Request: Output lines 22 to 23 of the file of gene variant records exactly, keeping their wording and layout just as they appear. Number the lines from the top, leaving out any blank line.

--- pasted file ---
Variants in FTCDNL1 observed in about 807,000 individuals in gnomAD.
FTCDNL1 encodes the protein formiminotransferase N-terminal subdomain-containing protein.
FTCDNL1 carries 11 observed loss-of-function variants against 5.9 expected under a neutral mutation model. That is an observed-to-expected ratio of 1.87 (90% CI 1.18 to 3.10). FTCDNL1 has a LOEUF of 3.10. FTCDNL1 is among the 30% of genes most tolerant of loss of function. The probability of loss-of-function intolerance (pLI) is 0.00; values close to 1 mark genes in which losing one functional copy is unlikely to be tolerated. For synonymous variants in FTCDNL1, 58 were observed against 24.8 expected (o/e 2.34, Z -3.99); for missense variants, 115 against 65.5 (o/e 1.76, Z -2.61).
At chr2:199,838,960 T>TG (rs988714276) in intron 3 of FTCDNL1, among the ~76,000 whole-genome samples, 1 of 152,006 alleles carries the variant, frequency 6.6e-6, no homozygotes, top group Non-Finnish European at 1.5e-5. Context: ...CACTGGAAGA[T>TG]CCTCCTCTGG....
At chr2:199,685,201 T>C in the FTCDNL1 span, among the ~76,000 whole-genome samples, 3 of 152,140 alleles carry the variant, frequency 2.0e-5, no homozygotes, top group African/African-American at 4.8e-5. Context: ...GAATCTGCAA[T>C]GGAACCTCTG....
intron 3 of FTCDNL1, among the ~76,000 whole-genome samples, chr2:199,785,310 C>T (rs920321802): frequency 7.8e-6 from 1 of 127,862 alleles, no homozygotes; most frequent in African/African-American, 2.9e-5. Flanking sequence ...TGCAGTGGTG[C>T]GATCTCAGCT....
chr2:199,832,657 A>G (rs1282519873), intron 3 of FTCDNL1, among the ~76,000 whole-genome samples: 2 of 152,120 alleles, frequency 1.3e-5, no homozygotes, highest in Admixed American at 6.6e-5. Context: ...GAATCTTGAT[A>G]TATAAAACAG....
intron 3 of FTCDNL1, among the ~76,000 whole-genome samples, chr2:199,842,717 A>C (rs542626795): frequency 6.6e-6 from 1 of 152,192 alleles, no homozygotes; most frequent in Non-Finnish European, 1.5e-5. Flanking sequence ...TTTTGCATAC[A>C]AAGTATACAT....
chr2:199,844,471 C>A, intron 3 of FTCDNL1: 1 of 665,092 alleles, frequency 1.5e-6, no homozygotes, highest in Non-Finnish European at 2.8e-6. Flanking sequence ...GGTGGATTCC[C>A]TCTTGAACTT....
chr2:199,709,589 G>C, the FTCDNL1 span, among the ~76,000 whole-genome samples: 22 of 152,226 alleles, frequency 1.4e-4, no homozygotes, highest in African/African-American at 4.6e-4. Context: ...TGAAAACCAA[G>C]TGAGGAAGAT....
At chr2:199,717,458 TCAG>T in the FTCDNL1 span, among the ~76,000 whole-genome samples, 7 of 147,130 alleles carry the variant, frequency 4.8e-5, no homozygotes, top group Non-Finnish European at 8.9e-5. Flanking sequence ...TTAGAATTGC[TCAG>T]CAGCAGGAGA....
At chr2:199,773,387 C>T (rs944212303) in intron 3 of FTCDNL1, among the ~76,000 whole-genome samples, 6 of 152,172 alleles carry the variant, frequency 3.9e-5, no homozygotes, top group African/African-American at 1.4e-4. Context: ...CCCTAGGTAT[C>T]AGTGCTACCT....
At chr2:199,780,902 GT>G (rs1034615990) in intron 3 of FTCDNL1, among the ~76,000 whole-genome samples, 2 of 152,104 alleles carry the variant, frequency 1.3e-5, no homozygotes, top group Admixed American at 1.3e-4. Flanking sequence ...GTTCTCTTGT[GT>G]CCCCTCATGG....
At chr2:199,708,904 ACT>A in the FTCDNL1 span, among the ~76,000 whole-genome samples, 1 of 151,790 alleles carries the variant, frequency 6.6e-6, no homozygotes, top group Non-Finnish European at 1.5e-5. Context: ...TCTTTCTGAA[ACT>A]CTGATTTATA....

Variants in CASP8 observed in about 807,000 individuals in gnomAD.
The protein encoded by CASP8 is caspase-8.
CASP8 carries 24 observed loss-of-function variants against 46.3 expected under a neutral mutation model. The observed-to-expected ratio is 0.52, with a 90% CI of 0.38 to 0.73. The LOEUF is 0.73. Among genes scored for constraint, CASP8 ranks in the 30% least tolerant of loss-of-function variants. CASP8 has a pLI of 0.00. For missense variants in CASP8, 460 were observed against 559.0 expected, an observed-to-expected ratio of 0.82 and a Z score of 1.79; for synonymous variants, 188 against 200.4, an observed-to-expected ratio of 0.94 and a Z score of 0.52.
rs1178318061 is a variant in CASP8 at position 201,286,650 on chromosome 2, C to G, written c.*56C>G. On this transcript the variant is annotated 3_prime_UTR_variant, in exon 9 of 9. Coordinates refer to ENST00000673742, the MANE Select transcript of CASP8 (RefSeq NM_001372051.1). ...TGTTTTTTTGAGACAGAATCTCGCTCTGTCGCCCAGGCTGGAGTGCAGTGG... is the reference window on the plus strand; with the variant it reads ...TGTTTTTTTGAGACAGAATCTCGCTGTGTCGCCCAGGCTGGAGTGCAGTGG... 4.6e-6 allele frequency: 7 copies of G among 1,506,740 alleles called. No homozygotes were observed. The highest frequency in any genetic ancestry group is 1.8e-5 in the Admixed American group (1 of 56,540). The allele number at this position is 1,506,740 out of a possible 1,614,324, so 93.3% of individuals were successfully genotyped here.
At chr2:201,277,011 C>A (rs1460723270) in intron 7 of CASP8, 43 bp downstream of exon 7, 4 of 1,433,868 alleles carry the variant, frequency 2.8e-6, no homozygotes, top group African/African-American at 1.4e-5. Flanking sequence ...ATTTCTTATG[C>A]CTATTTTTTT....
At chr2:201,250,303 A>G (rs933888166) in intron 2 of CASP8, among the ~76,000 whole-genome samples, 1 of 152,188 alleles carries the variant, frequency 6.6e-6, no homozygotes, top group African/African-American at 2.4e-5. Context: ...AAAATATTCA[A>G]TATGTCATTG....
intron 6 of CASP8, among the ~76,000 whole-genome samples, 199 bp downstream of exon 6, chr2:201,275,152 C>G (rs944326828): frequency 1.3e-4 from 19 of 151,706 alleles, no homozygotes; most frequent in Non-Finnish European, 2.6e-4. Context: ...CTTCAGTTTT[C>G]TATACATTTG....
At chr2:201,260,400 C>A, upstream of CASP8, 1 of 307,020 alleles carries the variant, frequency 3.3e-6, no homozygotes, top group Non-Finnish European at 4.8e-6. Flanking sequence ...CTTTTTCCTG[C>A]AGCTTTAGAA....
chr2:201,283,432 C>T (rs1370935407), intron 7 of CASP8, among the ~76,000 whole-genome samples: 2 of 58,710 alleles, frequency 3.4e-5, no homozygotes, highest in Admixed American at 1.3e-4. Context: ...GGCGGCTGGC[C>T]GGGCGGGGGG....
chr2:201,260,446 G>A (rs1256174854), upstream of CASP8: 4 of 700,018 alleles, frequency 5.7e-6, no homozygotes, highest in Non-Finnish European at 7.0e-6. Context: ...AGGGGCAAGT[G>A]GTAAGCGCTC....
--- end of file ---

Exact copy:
At chr2:201,260,400 C>A, upstream of CASP8, 1 of 307,020 alleles carries the variant, frequency 3.3e-6, no homozygotes, top group Non-Finnish European at 4.8e-6. Flanking sequence ...CTTTTTCCTG[C>A]AGCTTTAGAA....
chr2:201,283,432 C>T (rs1370935407), intron 7 of CASP8, among the ~76,000 whole-genome samples: 2 of 58,710 alleles, frequency 3.4e-5, no homozygotes, highest in Admixed American at 1.3e-4. Context: ...GGCGGCTGGC[C>T]GGGCGGGGGG....